World War I was devastating because offensive technology had superseded defensive ones, leading to catastrophic death rates. Britain was especially vulnerable since it depended on shipping, something the Germans threatened with their submarines.
Although hydrophones and depth charges helped turn the tide in Britain’s favor, there was one other thing that did the trick – art. More specifically, modern art, which also helped the Allies win WWII.
When Cubism was first developed in the early 20th century, most critics hated it. Cubists take an object and present it in abstract form to give it greater depth and texture. Pablo Picasso’s 1910 “Girl with a Mandolin” is a perfect example of Cubism and explains why so many were outraged by it, given their preference for traditional Classical Realism.
But while critics were busy lambasting this new art, WWI broke out in Europe. German submarines began sinking ships around British waters, not because they hated Cubism, as well, but because they were trying to choke off Britain’s supply lines.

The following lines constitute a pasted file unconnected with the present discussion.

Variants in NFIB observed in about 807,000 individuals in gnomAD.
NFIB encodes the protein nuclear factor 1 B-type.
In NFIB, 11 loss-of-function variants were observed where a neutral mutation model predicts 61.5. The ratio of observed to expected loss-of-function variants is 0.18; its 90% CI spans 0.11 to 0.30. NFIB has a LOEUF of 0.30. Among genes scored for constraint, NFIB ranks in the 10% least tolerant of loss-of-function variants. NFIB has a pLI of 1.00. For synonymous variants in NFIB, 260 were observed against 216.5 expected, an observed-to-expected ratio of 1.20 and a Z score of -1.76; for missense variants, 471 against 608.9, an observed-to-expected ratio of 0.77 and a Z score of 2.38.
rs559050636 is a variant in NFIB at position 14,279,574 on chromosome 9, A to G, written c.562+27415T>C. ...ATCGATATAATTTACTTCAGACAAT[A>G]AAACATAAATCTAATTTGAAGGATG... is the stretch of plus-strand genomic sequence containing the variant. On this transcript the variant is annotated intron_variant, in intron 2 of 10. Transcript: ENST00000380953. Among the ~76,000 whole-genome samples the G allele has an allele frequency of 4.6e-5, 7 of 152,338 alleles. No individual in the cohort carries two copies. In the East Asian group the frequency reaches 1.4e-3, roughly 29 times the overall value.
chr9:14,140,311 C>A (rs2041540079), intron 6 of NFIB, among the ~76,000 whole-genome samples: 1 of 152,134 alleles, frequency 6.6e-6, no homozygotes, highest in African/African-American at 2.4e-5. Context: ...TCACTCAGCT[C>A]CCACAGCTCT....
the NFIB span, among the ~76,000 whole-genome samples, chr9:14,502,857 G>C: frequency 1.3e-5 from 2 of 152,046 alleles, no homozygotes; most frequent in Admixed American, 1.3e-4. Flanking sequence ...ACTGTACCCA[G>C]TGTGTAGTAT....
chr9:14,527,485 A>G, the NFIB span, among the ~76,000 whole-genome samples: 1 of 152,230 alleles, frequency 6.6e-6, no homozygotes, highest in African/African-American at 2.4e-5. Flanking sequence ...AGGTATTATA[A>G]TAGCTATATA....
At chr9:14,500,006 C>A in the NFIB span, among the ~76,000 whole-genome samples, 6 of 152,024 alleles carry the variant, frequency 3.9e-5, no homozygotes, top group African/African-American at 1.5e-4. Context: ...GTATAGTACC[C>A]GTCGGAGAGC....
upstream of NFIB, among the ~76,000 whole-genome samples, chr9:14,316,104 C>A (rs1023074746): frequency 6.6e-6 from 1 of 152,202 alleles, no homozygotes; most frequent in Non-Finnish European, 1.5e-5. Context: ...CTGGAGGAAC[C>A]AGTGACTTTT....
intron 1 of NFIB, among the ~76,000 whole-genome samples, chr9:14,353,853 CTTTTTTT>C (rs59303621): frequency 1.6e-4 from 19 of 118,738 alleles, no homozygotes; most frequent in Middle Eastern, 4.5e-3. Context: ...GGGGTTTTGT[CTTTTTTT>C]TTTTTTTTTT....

In 1914, British zoologist John Graham Kerr wrote to Winston Churchill (then the First Lord of the Admiralty) to suggest a unique way of protecting ships. To understand his idea, you first have to understand how submarine warfare worked back then.
The technology was new and very primitive, so torpedoes could only be fired using line-of-sight. But since water slows torpedoes down, gunners had to compute: (1) their target’s speed, (2) its direction, and (3) their distance from it.
And all this had to be done from the limited visual that a periscope provided. Once they got all that, they had to fire ahead of the ship and hope the two met. Fire at the ship, itself, and the thing would have moved on because the British weren’t stupid – the moment they set sail, it was at full speed in an attempt to avoid German U-boats.
Kerr suggested using camouflage to hide ships. Though a great idea, it can’t be done because the sea, sky, and weather always changes, as does the water level around a ship. The Admiralty therefore continued painting their vessels a single color to the delight of the Germans who kept sinking them.